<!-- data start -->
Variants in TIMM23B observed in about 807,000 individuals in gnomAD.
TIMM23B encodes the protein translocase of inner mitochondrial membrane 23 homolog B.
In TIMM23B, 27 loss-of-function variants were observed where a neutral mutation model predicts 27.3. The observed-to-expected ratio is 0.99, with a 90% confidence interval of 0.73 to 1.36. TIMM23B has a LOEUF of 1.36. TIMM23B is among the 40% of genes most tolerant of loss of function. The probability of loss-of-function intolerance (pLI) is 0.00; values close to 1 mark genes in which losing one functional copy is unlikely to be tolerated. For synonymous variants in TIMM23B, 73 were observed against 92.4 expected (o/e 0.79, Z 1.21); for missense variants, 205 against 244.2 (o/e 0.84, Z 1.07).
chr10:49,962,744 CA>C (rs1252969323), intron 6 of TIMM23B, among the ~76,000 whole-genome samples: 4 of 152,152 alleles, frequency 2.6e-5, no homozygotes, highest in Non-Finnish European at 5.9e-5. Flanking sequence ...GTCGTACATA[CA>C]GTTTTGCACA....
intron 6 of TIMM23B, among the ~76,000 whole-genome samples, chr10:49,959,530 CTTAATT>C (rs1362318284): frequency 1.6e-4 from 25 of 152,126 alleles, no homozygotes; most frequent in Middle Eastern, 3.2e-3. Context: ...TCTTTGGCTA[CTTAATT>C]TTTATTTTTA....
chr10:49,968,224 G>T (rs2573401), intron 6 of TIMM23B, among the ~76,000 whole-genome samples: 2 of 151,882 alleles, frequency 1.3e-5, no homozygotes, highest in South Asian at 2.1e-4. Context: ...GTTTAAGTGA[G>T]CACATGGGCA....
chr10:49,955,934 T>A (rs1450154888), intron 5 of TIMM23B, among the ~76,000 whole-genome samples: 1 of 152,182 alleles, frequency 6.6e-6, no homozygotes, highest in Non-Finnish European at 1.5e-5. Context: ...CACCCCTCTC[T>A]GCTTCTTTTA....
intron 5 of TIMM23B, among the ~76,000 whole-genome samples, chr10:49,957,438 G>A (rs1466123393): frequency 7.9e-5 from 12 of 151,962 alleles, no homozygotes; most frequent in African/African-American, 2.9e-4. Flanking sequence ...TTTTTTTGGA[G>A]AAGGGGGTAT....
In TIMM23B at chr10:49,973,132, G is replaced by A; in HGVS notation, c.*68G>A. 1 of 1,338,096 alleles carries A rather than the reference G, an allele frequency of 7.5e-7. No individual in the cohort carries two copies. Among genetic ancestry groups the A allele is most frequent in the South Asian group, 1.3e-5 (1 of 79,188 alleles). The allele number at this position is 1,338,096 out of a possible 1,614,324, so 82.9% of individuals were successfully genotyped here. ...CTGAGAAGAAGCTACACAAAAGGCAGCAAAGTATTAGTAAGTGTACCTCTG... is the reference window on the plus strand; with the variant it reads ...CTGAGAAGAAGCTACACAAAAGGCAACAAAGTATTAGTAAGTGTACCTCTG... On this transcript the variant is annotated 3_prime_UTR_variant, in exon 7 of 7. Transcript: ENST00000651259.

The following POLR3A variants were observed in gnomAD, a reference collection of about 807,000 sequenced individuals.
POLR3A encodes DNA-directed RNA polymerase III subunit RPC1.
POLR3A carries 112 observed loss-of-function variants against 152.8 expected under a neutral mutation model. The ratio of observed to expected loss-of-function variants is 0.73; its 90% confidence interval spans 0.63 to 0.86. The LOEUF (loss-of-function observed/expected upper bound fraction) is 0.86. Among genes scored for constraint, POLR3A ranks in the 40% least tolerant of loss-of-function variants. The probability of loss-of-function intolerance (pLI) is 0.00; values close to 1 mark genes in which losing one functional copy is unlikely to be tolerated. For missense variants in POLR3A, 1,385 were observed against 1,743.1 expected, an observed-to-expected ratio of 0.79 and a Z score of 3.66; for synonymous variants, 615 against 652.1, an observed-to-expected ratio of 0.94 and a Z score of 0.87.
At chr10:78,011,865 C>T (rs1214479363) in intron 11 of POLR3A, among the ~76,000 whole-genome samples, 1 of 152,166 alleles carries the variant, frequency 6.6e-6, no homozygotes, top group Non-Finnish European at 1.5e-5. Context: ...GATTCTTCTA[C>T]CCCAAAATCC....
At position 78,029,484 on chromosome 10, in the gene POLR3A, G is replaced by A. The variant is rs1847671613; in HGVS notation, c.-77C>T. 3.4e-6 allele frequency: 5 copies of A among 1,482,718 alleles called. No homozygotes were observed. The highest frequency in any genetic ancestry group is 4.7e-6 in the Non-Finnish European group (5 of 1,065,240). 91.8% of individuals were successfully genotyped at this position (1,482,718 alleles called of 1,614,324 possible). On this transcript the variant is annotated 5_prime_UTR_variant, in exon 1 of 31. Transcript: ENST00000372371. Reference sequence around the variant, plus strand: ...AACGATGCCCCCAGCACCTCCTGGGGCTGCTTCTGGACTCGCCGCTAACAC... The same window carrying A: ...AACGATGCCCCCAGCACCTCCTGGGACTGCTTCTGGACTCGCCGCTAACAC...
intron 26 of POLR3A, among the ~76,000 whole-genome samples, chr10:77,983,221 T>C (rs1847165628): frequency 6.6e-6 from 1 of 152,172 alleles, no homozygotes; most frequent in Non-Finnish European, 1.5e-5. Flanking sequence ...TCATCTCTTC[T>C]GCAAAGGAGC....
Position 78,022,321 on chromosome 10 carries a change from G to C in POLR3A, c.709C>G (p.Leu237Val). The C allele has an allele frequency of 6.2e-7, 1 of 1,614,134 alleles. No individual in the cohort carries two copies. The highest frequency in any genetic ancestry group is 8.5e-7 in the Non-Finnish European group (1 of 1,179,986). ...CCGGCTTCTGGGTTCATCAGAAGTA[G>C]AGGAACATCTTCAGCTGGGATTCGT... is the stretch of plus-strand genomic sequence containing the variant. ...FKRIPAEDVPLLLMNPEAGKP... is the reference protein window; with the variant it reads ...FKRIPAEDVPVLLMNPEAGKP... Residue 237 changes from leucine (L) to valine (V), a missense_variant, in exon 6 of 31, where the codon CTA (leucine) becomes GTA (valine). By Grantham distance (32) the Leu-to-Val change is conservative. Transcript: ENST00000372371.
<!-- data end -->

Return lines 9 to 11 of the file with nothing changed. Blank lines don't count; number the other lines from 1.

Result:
In TIMM23B at chr10:49,973,132, G is replaced by A; in HGVS notation, c.*68G>A. 1 of 1,338,096 alleles carries A rather than the reference G, an allele frequency of 7.5e-7. No individual in the cohort carries two copies. Among genetic ancestry groups the A allele is most frequent in the South Asian group, 1.3e-5 (1 of 79,188 alleles). The allele number at this position is 1,338,096 out of a possible 1,614,324, so 82.9% of individuals were successfully genotyped here. ...CTGAGAAGAAGCTACACAAAAGGCAGCAAAGTATTAGTAAGTGTACCTCTG... is the reference window on the plus strand; with the variant it reads ...CTGAGAAGAAGCTACACAAAAGGCAACAAAGTATTAGTAAGTGTACCTCTG... On this transcript the variant is annotated 3_prime_UTR_variant, in exon 7 of 7. Transcript: ENST00000651259.

The following POLR3A variants were observed in gnomAD, a reference collection of about 807,000 sequenced individuals.
POLR3A encodes DNA-directed RNA polymerase III subunit RPC1.